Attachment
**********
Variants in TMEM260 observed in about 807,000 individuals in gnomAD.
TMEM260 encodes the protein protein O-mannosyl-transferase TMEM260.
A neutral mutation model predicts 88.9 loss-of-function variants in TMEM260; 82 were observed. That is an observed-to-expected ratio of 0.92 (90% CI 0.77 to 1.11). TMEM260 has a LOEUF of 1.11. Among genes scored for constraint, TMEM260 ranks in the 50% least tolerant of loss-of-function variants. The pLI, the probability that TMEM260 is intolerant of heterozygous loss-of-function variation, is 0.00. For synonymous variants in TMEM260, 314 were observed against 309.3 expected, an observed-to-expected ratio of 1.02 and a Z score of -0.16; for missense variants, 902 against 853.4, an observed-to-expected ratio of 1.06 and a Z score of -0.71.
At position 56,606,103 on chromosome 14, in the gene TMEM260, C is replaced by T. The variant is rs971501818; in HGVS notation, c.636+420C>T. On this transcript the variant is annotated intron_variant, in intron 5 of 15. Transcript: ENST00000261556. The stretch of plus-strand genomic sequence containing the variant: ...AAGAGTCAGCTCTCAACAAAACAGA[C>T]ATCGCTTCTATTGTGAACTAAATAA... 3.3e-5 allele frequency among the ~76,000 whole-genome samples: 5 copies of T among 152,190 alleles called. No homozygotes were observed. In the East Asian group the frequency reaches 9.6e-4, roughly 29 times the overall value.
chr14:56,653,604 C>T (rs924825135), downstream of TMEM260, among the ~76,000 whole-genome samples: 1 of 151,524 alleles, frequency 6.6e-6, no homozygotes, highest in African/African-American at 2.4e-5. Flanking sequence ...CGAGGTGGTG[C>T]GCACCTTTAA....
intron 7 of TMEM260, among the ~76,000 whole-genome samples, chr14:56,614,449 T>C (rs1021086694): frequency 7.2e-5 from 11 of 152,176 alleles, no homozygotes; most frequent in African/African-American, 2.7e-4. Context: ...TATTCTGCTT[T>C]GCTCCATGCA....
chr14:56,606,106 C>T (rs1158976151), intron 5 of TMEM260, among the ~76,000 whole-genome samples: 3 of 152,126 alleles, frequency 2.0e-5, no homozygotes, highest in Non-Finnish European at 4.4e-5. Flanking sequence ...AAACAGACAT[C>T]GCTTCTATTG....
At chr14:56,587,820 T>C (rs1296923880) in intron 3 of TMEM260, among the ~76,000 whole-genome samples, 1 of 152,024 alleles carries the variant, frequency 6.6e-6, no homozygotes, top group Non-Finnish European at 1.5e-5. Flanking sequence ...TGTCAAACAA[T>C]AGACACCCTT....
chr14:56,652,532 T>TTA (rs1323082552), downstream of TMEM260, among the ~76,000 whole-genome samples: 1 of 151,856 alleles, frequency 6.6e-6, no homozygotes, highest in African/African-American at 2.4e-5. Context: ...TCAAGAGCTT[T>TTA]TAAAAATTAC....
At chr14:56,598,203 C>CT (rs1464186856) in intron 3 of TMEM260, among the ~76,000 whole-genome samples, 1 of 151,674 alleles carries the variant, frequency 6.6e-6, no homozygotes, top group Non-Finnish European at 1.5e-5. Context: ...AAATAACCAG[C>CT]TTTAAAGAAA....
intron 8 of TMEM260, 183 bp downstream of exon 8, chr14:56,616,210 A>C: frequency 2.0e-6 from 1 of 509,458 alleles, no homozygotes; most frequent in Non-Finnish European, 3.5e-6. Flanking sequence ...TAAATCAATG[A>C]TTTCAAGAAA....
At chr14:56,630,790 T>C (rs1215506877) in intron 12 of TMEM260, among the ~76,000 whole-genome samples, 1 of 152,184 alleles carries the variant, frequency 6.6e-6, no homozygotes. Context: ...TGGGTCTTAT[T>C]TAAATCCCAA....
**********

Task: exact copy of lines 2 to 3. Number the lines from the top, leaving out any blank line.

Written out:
TMEM260 encodes the protein protein O-mannosyl-transferase TMEM260.
A neutral mutation model predicts 88.9 loss-of-function variants in TMEM260; 82 were observed. That is an observed-to-expected ratio of 0.92 (90% CI 0.77 to 1.11). TMEM260 has a LOEUF of 1.11. Among genes scored for constraint, TMEM260 ranks in the 50% least tolerant of loss-of-function variants. The pLI, the probability that TMEM260 is intolerant of heterozygous loss-of-function variation, is 0.00. For synonymous variants in TMEM260, 314 were observed against 309.3 expected, an observed-to-expected ratio of 1.02 and a Z score of -0.16; for missense variants, 902 against 853.4, an observed-to-expected ratio of 1.06 and a Z score of -0.71.